Ratoath revolution gathering pace

Of the 2,300 or so affiliated GAA clubs on the island of Ireland, none of them struck gold during the Celtic Tiger years quite like the Ratoath club in Meath.
Ratoath revolution gathering pace

Back in 1996 when young players would meet up at Johnny Ryan’s shop in the centre of the poky little village, Ratoath’s population numbered 1,061.

Fergal Power came home from New York that same year and remembers a sleepy little village that time almost forgot.

What Ratoath did have going for it, however, was its placement on Dublin’s commuter belt and when the housing boom begun there, well, it was quite the boom.

A decade after Power’s return, the 2006 official census reported a population rise to 7,249 in the village, an astounding increase.

Ratoath’s present population is over 9,000 though for the purposes of explaining why the GAA club was quite so smug, rewind back to 2006 for a moment.

That year’s official census document reported ‘Dublin’s commuter belt towns have the highest proportion of young people aged 0-14 years with Ratoath having the highest at 32 per cent.’ For a club that had never enjoyed senior status, or ever played in an intermediate final, their lottery numbers had suddenly come up.

Almost overnight, they’d been presented with a massive pool of young talent to shape and mould.

But the revolution has been slow, surprisingly so and it was only last month Ratoath actually turned senior for the first time, as intermediate champions, with Power as manager.

Neighbouring parishes along the same commuter belt which similarly mushroomed in the boom years, like Ashbourne, Dunshaughlin and Dunboyne, haven’t exactly blossomed as expected either.

“I actually think it’s probably another generation of players away from happening as everyone expected,” said Power. “I’d imagine Dunboyne, Ashbourne, Dunshaughlin, Ratoath, all those clubs are all going to be very competitive at senior level over the next few years, absolutely.

“But the reality, for ourselves anyway, is we didn’t get that huge influx you might have expected. What you actually found was a lot of the good GAA lads from Dublin who came into the community 10 or 15 years ago, they felt tied to their original clubs in Dublin and raised there kids up through those clubs.

“But a lot of those kids are growing up now and I think it’ll be different when they have kids themselves, they’ll settle here and play for Ratoath. That’s why you’re probably talking about another generation.” Still, the revolution is clearly gathering some pace. Until recently, only a couple of Ratoath players had ever played competitively for Meath (1999 All-Ireland medallist Nigel Crawford left for Dunboyne in his teens).

Against Wicklow last June, Power’s son, Brian, made his first Championship start and had three club colleagues on the panel; Brian McMahon and the Wallace brothers. Conor McGill and Bobby O’Brien have played for Meath too and the list will grow in 2016.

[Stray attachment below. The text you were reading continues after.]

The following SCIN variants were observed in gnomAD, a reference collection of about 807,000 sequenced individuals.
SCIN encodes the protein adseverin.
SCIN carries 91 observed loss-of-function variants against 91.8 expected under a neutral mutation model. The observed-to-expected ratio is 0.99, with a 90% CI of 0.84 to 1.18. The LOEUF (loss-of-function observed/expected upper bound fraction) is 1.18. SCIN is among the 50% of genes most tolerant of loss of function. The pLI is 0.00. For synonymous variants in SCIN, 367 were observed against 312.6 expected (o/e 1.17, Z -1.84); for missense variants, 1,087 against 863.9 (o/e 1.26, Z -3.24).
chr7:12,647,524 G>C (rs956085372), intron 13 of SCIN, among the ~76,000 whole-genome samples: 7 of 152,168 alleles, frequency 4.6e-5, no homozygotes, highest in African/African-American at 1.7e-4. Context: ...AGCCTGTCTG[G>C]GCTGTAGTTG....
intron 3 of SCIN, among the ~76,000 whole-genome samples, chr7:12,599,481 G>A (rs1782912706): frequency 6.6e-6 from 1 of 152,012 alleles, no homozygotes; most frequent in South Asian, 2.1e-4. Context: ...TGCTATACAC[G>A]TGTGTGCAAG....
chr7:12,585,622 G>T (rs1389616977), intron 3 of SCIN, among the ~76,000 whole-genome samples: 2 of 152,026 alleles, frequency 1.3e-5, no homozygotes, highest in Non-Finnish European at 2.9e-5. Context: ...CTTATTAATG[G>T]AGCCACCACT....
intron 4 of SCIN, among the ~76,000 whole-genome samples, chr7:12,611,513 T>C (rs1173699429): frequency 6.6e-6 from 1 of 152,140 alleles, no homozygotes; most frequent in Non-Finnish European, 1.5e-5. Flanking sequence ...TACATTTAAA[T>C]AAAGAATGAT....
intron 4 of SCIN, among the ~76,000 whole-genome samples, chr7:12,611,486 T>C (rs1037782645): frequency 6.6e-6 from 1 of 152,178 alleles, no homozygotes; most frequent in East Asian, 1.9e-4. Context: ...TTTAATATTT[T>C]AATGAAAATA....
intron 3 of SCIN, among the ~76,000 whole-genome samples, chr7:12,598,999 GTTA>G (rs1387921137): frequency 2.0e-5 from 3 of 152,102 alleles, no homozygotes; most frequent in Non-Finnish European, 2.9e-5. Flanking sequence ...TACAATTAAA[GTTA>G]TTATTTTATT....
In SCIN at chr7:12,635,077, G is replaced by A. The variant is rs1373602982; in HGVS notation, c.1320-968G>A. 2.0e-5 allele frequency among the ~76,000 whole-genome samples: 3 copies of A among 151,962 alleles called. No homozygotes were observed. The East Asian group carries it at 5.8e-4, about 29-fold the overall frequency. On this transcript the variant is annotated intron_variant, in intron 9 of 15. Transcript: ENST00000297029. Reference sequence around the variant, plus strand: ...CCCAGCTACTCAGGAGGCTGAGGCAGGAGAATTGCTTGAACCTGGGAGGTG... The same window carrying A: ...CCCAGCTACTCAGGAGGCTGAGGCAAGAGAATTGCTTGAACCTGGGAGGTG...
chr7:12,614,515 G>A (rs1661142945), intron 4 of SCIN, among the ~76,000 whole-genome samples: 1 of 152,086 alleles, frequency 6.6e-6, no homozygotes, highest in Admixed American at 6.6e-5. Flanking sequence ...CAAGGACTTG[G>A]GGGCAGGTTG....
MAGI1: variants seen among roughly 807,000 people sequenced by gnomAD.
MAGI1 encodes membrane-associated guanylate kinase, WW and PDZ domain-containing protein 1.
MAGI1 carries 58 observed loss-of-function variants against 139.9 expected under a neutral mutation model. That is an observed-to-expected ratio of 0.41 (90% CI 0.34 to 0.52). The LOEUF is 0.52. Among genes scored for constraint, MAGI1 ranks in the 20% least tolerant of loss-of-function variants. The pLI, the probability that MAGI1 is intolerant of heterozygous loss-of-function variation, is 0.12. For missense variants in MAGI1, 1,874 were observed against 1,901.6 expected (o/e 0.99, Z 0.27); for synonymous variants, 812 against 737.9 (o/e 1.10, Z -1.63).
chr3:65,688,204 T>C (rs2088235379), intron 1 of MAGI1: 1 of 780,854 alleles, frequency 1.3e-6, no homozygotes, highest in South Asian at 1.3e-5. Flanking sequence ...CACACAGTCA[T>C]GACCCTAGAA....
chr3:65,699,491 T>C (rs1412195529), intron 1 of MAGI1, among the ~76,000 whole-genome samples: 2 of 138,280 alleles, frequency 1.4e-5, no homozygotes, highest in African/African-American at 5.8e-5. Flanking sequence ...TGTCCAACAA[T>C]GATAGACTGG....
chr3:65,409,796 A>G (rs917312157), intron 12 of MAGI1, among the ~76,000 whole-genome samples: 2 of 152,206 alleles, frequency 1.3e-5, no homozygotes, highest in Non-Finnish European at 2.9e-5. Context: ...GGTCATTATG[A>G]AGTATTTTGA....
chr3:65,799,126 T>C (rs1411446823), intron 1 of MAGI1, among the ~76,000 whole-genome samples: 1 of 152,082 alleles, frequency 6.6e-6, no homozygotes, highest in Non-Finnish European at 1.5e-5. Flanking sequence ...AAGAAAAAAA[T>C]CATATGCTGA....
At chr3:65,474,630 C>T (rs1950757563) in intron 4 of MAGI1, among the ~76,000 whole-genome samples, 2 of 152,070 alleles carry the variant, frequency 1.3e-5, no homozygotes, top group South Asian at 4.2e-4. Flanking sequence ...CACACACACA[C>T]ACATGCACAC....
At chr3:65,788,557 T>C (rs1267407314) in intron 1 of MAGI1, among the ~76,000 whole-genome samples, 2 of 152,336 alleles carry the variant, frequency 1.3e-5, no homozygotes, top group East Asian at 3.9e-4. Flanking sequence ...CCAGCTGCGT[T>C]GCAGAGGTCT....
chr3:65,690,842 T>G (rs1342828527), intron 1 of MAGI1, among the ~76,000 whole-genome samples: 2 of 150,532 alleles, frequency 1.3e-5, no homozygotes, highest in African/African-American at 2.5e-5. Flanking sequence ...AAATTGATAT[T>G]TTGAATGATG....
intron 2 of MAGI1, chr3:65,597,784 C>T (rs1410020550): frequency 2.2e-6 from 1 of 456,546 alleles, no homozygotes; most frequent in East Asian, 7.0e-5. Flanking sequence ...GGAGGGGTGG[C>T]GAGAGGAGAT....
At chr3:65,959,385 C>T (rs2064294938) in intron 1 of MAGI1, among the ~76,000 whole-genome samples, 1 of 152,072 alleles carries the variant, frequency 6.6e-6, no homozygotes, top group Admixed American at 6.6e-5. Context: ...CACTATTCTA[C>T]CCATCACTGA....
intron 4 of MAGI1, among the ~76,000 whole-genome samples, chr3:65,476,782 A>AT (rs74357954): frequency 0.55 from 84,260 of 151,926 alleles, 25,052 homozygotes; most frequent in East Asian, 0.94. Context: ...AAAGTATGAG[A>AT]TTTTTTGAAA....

Eamon Wallace is perhaps the best known and the one player Athlone will be paying most attention to this afternoon. The corner- forward’s 1-3 against Tyrone in the 2013 Championship looked like the start of a big career until his 2014 season was wiped out by a cruciate knee ligament injury. He’s back now and has retained the blistering pace that saw him cover 100 metres in just over 11 seconds at Santry Stadium in 2012.

“He’s a special talent,” agreed Power. “I remember at an underage game years ago Eamon just taking off and leaving three players behind him, then coming upon another three and doing the same before getting a shot away. His pace was always unbelievable.

“But what’s good about this team is that different lads have been stepping up at different times. You can’t expect 15, 16 or 17 to deliver all the time but one or two of the marquee lads seem to step it up each day. If it’s not Eamon it’s Bobby or it might be Brian.”

Power’s panel is obviously strong. In the three Leinster championship games so far — which they’ve won by margins of six, 19 and 13 points — they’ve used 23 different players. In the county championship, 27 different players saw action.

Unsurprisingly, they are strong fancies to beat Athlone and book a place alongside the Munster champions — St Mary’s of Kerry or Cork’s Carrigaline — in a January All-Ireland semi-final.

“What I would say to that is that Athlone are the most successful team in Westmeath’s history,” retorted Power. “They’ve a serious pedigree. As regards being a senior club, winning championships and competing in Leinster, their club has done it many times. We won the Leinster junior title in 2004 but this is our first foray at this level.

“Yeah, we have lads starting out with Meath but they have lads with more experience at county level too. We’re expecting a really, really hard time and if we win we’ll have earned it.”

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